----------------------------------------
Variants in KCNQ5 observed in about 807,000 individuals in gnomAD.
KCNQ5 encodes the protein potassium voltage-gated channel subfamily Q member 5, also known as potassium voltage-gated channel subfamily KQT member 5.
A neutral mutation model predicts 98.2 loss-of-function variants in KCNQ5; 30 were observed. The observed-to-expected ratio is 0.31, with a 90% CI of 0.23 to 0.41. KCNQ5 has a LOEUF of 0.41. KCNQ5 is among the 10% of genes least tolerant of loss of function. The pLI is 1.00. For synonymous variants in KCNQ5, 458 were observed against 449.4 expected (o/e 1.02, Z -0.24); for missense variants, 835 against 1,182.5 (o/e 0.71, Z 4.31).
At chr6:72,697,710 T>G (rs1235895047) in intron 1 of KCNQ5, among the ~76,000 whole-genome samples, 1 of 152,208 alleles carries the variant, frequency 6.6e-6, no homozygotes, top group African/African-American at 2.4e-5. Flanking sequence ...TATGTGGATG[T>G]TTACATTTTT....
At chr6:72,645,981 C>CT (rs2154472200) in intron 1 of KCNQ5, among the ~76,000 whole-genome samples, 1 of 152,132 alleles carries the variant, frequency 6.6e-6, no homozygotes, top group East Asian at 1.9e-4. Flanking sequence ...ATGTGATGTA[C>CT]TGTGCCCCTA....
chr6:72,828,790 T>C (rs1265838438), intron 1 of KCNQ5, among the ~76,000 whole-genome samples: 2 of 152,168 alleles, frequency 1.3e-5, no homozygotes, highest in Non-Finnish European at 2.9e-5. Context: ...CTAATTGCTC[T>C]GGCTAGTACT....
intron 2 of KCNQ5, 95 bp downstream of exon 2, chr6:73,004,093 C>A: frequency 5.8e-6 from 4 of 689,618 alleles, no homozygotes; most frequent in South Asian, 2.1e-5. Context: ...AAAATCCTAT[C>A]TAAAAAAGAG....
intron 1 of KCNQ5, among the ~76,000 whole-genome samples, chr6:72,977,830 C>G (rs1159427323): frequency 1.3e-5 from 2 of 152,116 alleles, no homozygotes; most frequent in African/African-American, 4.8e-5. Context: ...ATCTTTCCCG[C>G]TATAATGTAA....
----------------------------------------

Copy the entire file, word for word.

Variants in KCNQ5 observed in about 807,000 individuals in gnomAD.
KCNQ5 encodes the protein potassium voltage-gated channel subfamily Q member 5, also known as potassium voltage-gated channel subfamily KQT member 5.
A neutral mutation model predicts 98.2 loss-of-function variants in KCNQ5; 30 were observed. The observed-to-expected ratio is 0.31, with a 90% CI of 0.23 to 0.41. KCNQ5 has a LOEUF of 0.41. KCNQ5 is among the 10% of genes least tolerant of loss of function. The pLI is 1.00. For synonymous variants in KCNQ5, 458 were observed against 449.4 expected (o/e 1.02, Z -0.24); for missense variants, 835 against 1,182.5 (o/e 0.71, Z 4.31).
At chr6:72,697,710 T>G (rs1235895047) in intron 1 of KCNQ5, among the ~76,000 whole-genome samples, 1 of 152,208 alleles carries the variant, frequency 6.6e-6, no homozygotes, top group African/African-American at 2.4e-5. Flanking sequence ...TATGTGGATG[T>G]TTACATTTTT....
At chr6:72,645,981 C>CT (rs2154472200) in intron 1 of KCNQ5, among the ~76,000 whole-genome samples, 1 of 152,132 alleles carries the variant, frequency 6.6e-6, no homozygotes, top group East Asian at 1.9e-4. Flanking sequence ...ATGTGATGTA[C>CT]TGTGCCCCTA....
chr6:72,828,790 T>C (rs1265838438), intron 1 of KCNQ5, among the ~76,000 whole-genome samples: 2 of 152,168 alleles, frequency 1.3e-5, no homozygotes, highest in Non-Finnish European at 2.9e-5. Context: ...CTAATTGCTC[T>C]GGCTAGTACT....
intron 2 of KCNQ5, 95 bp downstream of exon 2, chr6:73,004,093 C>A: frequency 5.8e-6 from 4 of 689,618 alleles, no homozygotes; most frequent in South Asian, 2.1e-5. Context: ...AAAATCCTAT[C>A]TAAAAAAGAG....
intron 1 of KCNQ5, among the ~76,000 whole-genome samples, chr6:72,977,830 C>G (rs1159427323): frequency 1.3e-5 from 2 of 152,116 alleles, no homozygotes; most frequent in African/African-American, 4.8e-5. Context: ...ATCTTTCCCG[C>G]TATAATGTAA....